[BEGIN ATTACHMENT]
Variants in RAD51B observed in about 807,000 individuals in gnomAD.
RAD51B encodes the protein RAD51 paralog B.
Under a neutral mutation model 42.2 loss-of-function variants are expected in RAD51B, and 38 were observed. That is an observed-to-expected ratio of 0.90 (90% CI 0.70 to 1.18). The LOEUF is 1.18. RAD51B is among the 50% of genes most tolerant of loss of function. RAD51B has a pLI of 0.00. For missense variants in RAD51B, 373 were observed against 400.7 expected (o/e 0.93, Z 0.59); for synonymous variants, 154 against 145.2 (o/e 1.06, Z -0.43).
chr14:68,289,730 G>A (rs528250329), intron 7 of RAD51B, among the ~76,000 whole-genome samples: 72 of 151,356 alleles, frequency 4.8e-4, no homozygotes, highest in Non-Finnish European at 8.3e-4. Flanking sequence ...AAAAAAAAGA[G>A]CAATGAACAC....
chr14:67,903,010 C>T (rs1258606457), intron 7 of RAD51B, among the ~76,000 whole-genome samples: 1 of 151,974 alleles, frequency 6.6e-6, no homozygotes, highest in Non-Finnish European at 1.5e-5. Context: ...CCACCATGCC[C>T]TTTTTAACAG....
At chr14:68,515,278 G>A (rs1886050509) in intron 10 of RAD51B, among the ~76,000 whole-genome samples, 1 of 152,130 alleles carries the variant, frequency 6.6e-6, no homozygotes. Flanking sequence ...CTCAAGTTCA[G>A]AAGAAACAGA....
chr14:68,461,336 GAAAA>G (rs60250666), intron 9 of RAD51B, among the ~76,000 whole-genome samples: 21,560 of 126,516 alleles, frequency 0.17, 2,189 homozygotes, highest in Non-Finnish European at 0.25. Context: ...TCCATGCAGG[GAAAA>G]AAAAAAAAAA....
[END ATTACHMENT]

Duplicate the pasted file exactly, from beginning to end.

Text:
Variants in RAD51B observed in about 807,000 individuals in gnomAD.
RAD51B encodes the protein RAD51 paralog B.
Under a neutral mutation model 42.2 loss-of-function variants are expected in RAD51B, and 38 were observed. That is an observed-to-expected ratio of 0.90 (90% CI 0.70 to 1.18). The LOEUF is 1.18. RAD51B is among the 50% of genes most tolerant of loss of function. RAD51B has a pLI of 0.00. For missense variants in RAD51B, 373 were observed against 400.7 expected (o/e 0.93, Z 0.59); for synonymous variants, 154 against 145.2 (o/e 1.06, Z -0.43).
chr14:68,289,730 G>A (rs528250329), intron 7 of RAD51B, among the ~76,000 whole-genome samples: 72 of 151,356 alleles, frequency 4.8e-4, no homozygotes, highest in Non-Finnish European at 8.3e-4. Flanking sequence ...AAAAAAAAGA[G>A]CAATGAACAC....
chr14:67,903,010 C>T (rs1258606457), intron 7 of RAD51B, among the ~76,000 whole-genome samples: 1 of 151,974 alleles, frequency 6.6e-6, no homozygotes, highest in Non-Finnish European at 1.5e-5. Context: ...CCACCATGCC[C>T]TTTTTAACAG....
At chr14:68,515,278 G>A (rs1886050509) in intron 10 of RAD51B, among the ~76,000 whole-genome samples, 1 of 152,130 alleles carries the variant, frequency 6.6e-6, no homozygotes. Flanking sequence ...CTCAAGTTCA[G>A]AAGAAACAGA....
chr14:68,461,336 GAAAA>G (rs60250666), intron 9 of RAD51B, among the ~76,000 whole-genome samples: 21,560 of 126,516 alleles, frequency 0.17, 2,189 homozygotes, highest in Non-Finnish European at 0.25. Context: ...TCCATGCAGG[GAAAA>G]AAAAAAAAAA....